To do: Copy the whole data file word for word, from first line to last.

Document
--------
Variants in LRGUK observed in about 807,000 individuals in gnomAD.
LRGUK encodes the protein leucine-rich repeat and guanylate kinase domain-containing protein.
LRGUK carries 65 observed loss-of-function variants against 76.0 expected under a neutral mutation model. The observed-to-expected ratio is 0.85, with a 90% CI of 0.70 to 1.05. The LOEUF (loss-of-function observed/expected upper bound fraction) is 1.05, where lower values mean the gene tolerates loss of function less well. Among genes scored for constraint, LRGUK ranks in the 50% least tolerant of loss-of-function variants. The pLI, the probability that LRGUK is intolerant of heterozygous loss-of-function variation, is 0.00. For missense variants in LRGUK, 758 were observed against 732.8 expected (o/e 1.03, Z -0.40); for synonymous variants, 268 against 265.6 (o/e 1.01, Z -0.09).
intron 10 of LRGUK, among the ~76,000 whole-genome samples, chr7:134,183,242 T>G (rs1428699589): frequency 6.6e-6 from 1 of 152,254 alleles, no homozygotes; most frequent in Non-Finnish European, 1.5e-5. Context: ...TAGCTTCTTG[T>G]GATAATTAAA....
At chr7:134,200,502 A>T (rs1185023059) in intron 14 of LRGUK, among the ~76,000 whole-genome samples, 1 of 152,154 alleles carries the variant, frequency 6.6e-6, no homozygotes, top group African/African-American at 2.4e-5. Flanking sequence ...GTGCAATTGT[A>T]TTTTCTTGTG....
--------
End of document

Variants in LRGUK observed in about 807,000 individuals in gnomAD.
LRGUK encodes the protein leucine-rich repeat and guanylate kinase domain-containing protein.
LRGUK carries 65 observed loss-of-function variants against 76.0 expected under a neutral mutation model. The observed-to-expected ratio is 0.85, with a 90% CI of 0.70 to 1.05. The LOEUF (loss-of-function observed/expected upper bound fraction) is 1.05, where lower values mean the gene tolerates loss of function less well. Among genes scored for constraint, LRGUK ranks in the 50% least tolerant of loss-of-function variants. The pLI, the probability that LRGUK is intolerant of heterozygous loss-of-function variation, is 0.00. For missense variants in LRGUK, 758 were observed against 732.8 expected (o/e 1.03, Z -0.40); for synonymous variants, 268 against 265.6 (o/e 1.01, Z -0.09).
intron 10 of LRGUK, among the ~76,000 whole-genome samples, chr7:134,183,242 T>G (rs1428699589): frequency 6.6e-6 from 1 of 152,254 alleles, no homozygotes; most frequent in Non-Finnish European, 1.5e-5. Context: ...TAGCTTCTTG[T>G]GATAATTAAA....
At chr7:134,200,502 A>T (rs1185023059) in intron 14 of LRGUK, among the ~76,000 whole-genome samples, 1 of 152,154 alleles carries the variant, frequency 6.6e-6, no homozygotes, top group African/African-American at 2.4e-5. Flanking sequence ...GTGCAATTGT[A>T]TTTTCTTGTG....